Summer fitness tips to beat the heat
When just the thought of getting off your hammock to refill your ice tea makes you break a sweat, you know it's hot. Waterproof makeup doesn't stand a chance when the mercury approaches triple digits, with humidity to match. Not only that, but exercising in the heat isn't just sweaty, it's downright unsafe if you don't take precautions.
Summer fitness rule No. 1: Avoid heatstroke
Did you know that exercising in the heat puts stress on your heart and lungs? Exercise, along with high air temperature, raises your body temperature and increases your heart rate. Normally, your body adjusts adequately on its own. But if you're exposed to heat for too long, heat cramps, heat exhaustion and even heatstroke can occur. You don't want to spend any of your summertime in the ER, so here are the top six summer fitness tips to stay cool.
Get out early ... or late
Avoid exercising in the middle of the day when the sun is hottest, usually between 11 a.m. and 5 p.m., give or take. If you do go outdoors during these times, avoid direct sun and try to find shade — or exercise in a pool.
Sunscreen won't keep you cool, directly, but it will prevent you from burning, which decreases your body's ability to cool itself. And you'll avoid skin cancer. Look for one with a SPF 30 and reapply often.
Water, that is. Even if you don't feel thirsty, drink every 15 minutes or so on hot days. If you're sweating profusely, include sports drinks, which contain added electrolytes and minerals.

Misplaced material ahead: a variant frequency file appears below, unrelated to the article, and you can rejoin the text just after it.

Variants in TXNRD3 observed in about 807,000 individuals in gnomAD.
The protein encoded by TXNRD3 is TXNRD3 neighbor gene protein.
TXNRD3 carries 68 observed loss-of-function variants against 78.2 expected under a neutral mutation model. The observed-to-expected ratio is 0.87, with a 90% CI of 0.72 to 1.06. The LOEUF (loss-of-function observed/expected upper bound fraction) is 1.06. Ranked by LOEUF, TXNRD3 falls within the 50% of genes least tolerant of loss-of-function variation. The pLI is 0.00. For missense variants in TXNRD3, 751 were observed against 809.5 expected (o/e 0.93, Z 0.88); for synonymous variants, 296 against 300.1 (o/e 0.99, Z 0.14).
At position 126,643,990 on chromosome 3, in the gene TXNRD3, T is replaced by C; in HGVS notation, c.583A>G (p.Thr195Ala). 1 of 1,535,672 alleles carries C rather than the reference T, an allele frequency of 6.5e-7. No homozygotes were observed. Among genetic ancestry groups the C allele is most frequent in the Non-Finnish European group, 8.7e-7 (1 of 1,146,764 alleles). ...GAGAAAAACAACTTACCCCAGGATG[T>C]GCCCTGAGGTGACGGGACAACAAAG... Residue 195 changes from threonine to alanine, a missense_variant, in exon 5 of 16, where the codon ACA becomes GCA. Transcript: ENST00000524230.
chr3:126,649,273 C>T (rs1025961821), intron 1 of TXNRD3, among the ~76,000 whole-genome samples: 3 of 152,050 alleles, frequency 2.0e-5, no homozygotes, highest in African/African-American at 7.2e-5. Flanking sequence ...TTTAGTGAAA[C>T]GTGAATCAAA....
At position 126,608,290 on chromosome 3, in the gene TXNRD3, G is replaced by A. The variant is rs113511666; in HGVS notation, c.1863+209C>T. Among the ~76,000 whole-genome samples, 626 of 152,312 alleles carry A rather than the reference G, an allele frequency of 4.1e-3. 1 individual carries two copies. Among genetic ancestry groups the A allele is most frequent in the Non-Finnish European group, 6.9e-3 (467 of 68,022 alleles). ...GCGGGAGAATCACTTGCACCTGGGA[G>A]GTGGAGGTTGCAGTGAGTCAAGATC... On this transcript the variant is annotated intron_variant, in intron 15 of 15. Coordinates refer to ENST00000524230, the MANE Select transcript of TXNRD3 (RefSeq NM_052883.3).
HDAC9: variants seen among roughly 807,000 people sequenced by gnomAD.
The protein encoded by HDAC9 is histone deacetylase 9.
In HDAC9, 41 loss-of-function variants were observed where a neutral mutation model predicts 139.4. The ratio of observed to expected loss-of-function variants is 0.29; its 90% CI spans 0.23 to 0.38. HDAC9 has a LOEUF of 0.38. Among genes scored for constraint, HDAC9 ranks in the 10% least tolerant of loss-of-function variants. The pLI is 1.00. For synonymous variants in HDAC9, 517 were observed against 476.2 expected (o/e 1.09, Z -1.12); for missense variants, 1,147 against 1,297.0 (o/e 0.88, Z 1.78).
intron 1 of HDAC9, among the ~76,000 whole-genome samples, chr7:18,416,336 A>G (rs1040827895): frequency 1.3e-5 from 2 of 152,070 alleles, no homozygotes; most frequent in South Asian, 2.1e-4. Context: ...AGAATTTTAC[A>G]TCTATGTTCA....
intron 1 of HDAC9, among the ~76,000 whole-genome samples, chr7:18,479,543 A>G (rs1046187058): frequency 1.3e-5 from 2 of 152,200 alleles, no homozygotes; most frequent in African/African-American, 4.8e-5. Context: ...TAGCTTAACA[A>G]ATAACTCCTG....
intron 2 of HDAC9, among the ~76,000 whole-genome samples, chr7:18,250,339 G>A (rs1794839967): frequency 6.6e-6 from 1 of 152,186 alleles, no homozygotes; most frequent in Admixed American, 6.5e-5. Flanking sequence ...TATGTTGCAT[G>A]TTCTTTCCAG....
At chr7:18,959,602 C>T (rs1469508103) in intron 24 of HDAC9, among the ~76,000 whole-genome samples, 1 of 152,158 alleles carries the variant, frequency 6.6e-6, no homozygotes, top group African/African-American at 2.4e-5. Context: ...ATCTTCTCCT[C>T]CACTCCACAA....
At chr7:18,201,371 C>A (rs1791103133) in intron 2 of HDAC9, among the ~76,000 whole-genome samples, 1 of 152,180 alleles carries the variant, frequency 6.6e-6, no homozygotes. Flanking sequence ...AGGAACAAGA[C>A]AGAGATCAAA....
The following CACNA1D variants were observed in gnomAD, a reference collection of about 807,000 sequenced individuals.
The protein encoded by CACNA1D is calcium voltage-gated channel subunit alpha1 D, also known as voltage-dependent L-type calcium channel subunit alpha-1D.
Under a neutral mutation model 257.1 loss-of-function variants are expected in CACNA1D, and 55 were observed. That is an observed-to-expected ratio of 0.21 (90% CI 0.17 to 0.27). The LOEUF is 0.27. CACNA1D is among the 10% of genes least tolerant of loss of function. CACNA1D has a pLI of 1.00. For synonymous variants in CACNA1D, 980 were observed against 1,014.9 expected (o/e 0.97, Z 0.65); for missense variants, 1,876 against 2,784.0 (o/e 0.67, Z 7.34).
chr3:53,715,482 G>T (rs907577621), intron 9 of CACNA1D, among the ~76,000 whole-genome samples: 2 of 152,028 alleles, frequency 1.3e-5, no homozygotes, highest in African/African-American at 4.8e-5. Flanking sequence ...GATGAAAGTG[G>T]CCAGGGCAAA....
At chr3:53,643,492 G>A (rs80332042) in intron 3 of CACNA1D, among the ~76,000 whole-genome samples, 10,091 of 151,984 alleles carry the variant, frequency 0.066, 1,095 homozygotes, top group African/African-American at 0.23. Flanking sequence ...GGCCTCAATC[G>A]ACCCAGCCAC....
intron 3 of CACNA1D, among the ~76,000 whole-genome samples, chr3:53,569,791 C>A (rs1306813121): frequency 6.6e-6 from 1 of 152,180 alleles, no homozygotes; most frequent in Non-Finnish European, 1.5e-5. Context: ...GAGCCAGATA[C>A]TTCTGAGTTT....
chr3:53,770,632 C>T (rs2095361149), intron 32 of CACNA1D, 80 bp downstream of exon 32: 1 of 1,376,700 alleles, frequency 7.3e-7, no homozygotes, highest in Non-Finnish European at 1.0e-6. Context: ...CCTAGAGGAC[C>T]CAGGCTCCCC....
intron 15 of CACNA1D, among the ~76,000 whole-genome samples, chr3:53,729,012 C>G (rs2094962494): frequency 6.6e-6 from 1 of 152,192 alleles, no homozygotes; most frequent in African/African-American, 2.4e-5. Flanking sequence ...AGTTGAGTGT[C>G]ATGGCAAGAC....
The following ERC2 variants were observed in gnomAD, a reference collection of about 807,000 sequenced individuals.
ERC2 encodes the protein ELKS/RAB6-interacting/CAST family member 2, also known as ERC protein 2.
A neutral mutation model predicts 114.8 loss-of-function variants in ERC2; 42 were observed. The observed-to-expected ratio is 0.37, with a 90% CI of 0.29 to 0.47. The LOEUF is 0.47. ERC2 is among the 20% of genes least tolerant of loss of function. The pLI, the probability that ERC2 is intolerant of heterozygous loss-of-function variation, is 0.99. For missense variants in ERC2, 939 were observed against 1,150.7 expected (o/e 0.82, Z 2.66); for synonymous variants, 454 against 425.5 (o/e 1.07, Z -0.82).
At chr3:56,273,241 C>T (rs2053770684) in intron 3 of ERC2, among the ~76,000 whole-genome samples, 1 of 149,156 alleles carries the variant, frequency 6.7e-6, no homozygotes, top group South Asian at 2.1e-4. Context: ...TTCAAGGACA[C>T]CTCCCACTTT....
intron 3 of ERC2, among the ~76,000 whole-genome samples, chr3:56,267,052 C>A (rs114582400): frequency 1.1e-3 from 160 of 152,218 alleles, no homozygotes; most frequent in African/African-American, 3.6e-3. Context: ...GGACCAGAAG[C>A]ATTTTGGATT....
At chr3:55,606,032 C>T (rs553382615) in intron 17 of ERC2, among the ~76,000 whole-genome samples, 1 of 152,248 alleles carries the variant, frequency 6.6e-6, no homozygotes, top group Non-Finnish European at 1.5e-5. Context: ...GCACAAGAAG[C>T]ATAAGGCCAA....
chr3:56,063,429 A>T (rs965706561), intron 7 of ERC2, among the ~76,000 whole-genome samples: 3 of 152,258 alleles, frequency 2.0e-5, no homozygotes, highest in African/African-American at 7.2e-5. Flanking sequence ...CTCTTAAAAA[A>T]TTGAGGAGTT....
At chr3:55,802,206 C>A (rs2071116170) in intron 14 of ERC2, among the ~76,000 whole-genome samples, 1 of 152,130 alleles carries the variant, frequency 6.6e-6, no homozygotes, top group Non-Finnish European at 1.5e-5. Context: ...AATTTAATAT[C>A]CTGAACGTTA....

Even if you feel that black biking shirt brings out your best features, skip it in lieu of a white or light-colored top. Black and dark colors absorb heat. Think lightweight or invest in some of the new fabrics that wick away moisture.
Have a back-up plan
Plan to work out indoors on hot days. Find an air-conditioned gym — go early, since many others will likely have the same idea. Walk the mall — briskly and with athletic shoes, not four-inch wedges. Or jump in a pool. But skip the raft with the built-in cup holder until you've done at least a few laps.
Know when you've had enough
When it's hot enough to melt asphalt, skip the wind sprints up Suicide Hill, especially if you have these symptoms: weakness, headache, dizziness, muscle cramps, rapid heartbeat or nausea or vomiting. Stop. Get out of the heat. If you're with a group, have someone stay with you. Drink water and wet your skin to cool off. If you don't feel better within 60 minutes, develop a fever higher than 102 degrees, or become faint and confused, seek immediate medical help.